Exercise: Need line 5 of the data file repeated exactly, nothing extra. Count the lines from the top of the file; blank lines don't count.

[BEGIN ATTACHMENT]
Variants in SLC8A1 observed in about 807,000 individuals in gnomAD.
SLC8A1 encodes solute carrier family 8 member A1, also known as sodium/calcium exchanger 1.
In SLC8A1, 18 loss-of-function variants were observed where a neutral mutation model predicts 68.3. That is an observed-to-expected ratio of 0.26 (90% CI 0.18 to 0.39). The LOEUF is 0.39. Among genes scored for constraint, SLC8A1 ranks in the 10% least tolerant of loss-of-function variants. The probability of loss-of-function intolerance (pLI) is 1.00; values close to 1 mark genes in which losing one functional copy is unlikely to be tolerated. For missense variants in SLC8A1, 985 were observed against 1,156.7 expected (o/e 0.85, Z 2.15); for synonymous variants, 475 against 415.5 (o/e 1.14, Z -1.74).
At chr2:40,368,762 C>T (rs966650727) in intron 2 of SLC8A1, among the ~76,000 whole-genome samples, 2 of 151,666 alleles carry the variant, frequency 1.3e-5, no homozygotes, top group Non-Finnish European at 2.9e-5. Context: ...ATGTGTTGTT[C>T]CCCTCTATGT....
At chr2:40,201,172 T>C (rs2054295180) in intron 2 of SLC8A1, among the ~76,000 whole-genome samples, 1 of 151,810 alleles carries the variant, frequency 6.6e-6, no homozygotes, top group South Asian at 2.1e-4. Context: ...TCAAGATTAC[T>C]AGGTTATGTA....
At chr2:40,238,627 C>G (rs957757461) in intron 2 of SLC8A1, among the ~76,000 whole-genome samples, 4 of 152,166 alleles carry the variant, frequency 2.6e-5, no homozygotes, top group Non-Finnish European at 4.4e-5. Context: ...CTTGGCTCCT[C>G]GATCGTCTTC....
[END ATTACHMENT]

At chr2:40,201,172 T>C (rs2054295180) in intron 2 of SLC8A1, among the ~76,000 whole-genome samples, 1 of 151,810 alleles carries the variant, frequency 6.6e-6, no homozygotes, top group South Asian at 2.1e-4. Context: ...TCAAGATTAC[T>C]AGGTTATGTA....